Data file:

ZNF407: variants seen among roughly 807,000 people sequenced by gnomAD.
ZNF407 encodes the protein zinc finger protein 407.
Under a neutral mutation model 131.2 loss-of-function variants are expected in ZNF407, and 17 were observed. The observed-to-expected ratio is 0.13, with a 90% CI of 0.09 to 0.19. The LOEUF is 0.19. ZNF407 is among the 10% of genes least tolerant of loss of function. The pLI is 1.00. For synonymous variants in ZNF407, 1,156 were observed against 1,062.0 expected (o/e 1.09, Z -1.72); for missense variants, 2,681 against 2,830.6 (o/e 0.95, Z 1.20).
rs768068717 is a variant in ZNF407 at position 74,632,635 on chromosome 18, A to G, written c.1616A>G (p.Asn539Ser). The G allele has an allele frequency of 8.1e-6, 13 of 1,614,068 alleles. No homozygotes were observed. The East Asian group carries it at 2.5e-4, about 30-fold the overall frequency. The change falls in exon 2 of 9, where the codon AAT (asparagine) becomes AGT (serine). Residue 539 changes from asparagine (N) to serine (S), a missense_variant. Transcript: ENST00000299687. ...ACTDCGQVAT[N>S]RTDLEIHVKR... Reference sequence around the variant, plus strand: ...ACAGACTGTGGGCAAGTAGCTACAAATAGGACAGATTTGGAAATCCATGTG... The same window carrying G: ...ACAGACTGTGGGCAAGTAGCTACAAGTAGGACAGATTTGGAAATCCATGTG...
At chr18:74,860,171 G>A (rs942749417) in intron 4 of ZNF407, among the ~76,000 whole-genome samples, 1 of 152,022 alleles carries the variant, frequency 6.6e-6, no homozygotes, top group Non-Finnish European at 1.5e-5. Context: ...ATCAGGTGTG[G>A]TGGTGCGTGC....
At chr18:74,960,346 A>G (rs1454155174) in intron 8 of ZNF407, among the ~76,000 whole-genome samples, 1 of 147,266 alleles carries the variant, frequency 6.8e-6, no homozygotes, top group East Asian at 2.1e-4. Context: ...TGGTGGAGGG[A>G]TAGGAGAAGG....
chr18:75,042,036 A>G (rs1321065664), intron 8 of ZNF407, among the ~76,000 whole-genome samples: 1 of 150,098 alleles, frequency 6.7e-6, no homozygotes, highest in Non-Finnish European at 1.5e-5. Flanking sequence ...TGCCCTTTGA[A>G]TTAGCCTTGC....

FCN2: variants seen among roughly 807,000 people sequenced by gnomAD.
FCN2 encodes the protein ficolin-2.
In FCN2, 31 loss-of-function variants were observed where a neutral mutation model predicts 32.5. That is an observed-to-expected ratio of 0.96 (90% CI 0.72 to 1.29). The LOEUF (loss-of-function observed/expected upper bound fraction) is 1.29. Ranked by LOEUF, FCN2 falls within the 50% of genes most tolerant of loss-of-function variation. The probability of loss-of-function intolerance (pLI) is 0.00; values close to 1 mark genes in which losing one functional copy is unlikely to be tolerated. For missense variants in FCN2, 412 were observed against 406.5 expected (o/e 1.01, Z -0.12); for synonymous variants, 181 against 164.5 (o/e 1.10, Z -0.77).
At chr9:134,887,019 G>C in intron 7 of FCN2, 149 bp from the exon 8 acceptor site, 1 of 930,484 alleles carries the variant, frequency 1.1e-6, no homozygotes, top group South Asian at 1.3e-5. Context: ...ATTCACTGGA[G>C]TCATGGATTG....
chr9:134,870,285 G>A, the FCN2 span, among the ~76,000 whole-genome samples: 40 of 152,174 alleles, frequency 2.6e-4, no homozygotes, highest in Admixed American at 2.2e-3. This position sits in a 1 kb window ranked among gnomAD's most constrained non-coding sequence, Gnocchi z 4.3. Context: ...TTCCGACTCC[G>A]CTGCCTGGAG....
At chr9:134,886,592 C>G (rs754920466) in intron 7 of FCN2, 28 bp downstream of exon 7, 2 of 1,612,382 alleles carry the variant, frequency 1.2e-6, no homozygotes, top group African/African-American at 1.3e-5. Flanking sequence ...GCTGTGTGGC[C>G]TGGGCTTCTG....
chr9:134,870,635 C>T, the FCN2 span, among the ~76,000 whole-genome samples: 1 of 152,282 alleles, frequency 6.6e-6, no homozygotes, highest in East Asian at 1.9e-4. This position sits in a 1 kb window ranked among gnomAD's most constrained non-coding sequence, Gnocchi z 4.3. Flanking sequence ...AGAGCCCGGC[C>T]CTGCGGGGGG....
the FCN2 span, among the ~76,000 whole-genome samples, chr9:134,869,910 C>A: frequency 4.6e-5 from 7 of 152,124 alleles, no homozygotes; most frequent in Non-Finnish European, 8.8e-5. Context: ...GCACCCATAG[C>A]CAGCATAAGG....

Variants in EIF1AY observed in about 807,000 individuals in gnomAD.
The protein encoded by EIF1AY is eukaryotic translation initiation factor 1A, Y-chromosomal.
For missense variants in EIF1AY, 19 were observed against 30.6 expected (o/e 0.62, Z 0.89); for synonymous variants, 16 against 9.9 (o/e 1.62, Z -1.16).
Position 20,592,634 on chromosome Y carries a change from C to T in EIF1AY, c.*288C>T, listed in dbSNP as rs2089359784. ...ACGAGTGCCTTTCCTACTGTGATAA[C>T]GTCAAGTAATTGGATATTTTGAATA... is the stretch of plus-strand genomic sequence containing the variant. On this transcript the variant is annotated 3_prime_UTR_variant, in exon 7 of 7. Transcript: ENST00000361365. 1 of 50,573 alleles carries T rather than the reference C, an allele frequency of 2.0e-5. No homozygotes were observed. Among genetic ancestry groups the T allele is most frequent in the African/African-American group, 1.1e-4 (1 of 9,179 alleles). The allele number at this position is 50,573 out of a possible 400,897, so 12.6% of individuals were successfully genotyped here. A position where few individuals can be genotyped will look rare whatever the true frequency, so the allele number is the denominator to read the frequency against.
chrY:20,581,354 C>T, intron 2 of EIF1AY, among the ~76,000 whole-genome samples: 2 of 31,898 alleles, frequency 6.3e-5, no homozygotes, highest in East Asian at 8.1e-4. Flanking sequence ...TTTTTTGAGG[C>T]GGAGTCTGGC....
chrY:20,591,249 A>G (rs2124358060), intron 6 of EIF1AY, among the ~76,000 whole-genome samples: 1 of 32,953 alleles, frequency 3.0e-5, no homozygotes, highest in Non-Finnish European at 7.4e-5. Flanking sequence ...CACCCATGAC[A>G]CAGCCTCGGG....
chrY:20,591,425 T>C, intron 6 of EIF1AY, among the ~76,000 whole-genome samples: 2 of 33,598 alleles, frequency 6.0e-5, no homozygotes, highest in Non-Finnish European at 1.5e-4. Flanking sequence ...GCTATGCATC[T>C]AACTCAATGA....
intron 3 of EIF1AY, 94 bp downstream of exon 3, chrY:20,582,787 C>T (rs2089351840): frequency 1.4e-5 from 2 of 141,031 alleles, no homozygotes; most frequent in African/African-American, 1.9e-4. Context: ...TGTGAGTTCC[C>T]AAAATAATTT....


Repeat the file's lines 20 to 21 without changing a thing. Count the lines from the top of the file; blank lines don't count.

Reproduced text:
chrY:20,581,354 C>T, intron 2 of EIF1AY, among the ~76,000 whole-genome samples: 2 of 31,898 alleles, frequency 6.3e-5, no homozygotes, highest in East Asian at 8.1e-4. Flanking sequence ...TTTTTTGAGG[C>T]GGAGTCTGGC....
chrY:20,591,249 A>G (rs2124358060), intron 6 of EIF1AY, among the ~76,000 whole-genome samples: 1 of 32,953 alleles, frequency 3.0e-5, no homozygotes, highest in Non-Finnish European at 7.4e-5. Flanking sequence ...CACCCATGAC[A>G]CAGCCTCGGG....